In the past month, I've spent a couple of days up a Spanish mountain with survival expert Ray Mears. The jovial, kind-hearted adventurer has devoted his life to rediscovering ancient traditions and civilizations, while living off little more than his wits. Give him two slugs and a thimble of water and he'll probably call it a feast.
We'd met in Barcelona to test the off-road virtues of the new Discovery. Mearshas a long standing relationship with Land Rover but his chariot of choice is the age-old Defender, of which he has four. He admitted to "never having been interested in the Range Rover or the old Discovery," which is Mears-speak for saying they're fit only for cheese-eating surrender monkeys.
Mears' is concerned about their complexity. "A Defender has never left me stranded in the wilderness," he told me. "When it goes wrong you're able to improvise. I've been known to use a tomato puree tin as a hub cap. That's thse beauty of having a simple vehicle." Technology, he reckoned, "always lets you down."
But he also had a more philosophical worry. If people learn to drive in complex vehicles with 101 electronic gizmos, they'll fail to master the basic art of off-roading. "A man with first-aid training but no first aid kit can still do some good, but a man with a first aid kit and no knowledge is useless," he said, "and it's the same with driving."
Critics will no doubt smear him as a Luddite who's spent too long in the jungle, but I think he's got a point. And it doesn't just apply to off-road driving. Two weeks after my sojourn with Mears, I found myself on a soaking wet race circuit in northern France with a bunch of Audi owners. Most of them were track virgins and their reaction to the experience was fascinating.
Rather than hail the genius of their natural car control abilities or the benefits of the quattro drivetrain in such treacherous conditions, they all proclaimed the genius of ESP. When the youthful owner of a tuned 420-bhp S4 Avant returned to the pits, all he could say was, "I never realized ESP was so good."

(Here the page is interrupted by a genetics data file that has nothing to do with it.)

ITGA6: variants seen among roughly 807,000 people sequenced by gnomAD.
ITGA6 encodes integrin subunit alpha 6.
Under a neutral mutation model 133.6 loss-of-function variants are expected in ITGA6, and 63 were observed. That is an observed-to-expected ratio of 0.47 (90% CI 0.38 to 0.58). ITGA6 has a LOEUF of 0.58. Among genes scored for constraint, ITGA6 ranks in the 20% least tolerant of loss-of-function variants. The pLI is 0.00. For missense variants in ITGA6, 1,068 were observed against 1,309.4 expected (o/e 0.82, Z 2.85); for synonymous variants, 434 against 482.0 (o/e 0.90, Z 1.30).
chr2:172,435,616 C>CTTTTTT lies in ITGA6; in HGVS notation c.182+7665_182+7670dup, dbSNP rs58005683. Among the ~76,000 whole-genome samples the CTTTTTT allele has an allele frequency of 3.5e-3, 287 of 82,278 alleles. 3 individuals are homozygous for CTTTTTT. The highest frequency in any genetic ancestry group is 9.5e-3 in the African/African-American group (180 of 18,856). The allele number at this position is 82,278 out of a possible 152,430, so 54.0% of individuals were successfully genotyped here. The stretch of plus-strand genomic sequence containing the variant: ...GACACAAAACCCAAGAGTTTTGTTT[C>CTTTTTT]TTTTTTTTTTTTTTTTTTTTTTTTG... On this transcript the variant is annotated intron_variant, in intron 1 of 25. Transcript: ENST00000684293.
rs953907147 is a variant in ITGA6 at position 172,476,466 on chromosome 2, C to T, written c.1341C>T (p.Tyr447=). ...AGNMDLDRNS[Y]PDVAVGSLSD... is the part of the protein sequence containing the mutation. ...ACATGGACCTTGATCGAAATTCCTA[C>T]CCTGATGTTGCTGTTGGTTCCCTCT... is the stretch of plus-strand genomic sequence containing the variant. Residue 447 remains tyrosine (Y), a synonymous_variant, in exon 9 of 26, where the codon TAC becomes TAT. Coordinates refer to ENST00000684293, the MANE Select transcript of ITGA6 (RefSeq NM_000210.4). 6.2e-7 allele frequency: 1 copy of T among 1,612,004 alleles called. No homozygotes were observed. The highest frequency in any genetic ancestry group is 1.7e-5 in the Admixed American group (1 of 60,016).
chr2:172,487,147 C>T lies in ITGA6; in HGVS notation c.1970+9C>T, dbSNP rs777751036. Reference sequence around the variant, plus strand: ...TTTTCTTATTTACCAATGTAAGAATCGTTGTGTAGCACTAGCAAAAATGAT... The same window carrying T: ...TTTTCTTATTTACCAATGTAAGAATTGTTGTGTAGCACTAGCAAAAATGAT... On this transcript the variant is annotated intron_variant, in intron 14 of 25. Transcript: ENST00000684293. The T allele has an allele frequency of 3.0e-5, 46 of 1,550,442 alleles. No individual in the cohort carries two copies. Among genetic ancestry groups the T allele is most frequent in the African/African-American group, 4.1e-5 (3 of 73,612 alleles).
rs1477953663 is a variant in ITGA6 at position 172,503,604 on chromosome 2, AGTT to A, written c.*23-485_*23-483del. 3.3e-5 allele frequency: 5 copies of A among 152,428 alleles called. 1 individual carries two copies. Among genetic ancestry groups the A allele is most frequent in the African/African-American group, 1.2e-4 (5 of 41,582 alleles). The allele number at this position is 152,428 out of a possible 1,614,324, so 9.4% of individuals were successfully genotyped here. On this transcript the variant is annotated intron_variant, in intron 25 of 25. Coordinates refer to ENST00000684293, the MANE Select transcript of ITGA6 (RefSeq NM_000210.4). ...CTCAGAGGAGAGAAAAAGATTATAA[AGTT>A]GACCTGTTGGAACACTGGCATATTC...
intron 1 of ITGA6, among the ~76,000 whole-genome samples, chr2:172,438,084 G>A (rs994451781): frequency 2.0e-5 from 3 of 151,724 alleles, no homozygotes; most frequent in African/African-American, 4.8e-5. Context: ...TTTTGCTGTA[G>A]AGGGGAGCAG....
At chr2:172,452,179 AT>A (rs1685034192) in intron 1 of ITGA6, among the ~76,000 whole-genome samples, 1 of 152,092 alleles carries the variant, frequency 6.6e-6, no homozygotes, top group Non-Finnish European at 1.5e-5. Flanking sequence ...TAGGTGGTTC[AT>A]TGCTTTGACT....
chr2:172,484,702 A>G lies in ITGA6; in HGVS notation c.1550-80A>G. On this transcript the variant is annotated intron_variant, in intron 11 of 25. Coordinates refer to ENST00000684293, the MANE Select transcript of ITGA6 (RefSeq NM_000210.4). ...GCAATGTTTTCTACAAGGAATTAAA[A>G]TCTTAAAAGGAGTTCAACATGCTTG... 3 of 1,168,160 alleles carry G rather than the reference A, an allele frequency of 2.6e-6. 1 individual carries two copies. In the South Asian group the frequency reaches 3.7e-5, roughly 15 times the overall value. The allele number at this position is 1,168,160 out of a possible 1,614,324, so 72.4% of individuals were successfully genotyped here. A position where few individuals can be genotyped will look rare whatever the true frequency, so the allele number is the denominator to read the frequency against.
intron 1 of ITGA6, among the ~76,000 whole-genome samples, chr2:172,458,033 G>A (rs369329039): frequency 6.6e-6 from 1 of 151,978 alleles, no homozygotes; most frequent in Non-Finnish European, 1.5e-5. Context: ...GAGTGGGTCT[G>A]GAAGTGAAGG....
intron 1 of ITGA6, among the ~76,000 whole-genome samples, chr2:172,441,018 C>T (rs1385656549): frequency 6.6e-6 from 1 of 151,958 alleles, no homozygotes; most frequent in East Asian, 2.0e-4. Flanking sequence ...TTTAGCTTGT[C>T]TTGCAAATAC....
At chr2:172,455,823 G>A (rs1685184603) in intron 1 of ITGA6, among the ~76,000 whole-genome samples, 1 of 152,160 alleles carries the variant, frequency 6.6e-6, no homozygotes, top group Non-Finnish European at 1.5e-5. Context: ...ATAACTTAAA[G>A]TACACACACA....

This was as alarming as it was surprising. Their faith in their electronic stability gizmo was absolute-if I'd told them the tiny button was a hotline to God himself, they'd probably have believed me. But by placing so much trust in the electronics, they were giving absolutely no thought to how they should drive.
Later in the afternoon, I took to the track myself and witnessed some scary scenes. People were banging on the brakes mid-way through 80-mph sweepers, lifting violently at the first sign of trouble and using the throttle as an on-off switch.In many instances, it was only the ESP that kept them out of the bushes.
Back in the pits, S4 man told me that he hadn't dared turn off the ESP because he'd no doubt have spun immediately. Given the way he was driving, he might have been right. But I couldn't help feeling that if he'd turned it off, backed off two-tenths and thought about what he was doing, he'd have driven faster and safer when he switched it back on again.
It worried me that he seemed to think that he could do what he liked as long as he didn't turn the system off. When he finally exceeds the parameters of the ESP, he'll have a mighty big moment and he won't know how to react. One only hopes it will be a soft landing.
If we're not careful, this will end up in a vicious circle. As new electronic aids are introduced, so driving standards will fall and we'll need more driver aids to cope with the consequences. All of which will increase the cost and complexity of the cars that we drive, and upset Ray Mears.
Contrary to his own expectations, Mears actually ended up liking the new Disco and he even declared himself a fan of the trick Terrain Response System. "Many of these systems make life easier and safer," he explained. "But I believe that someone who's learned to drive on something simple like a Defender will make better use of them. Sometimes, we have a tendency to throw the baby out with the bathwater." Couldn't have put it better myself.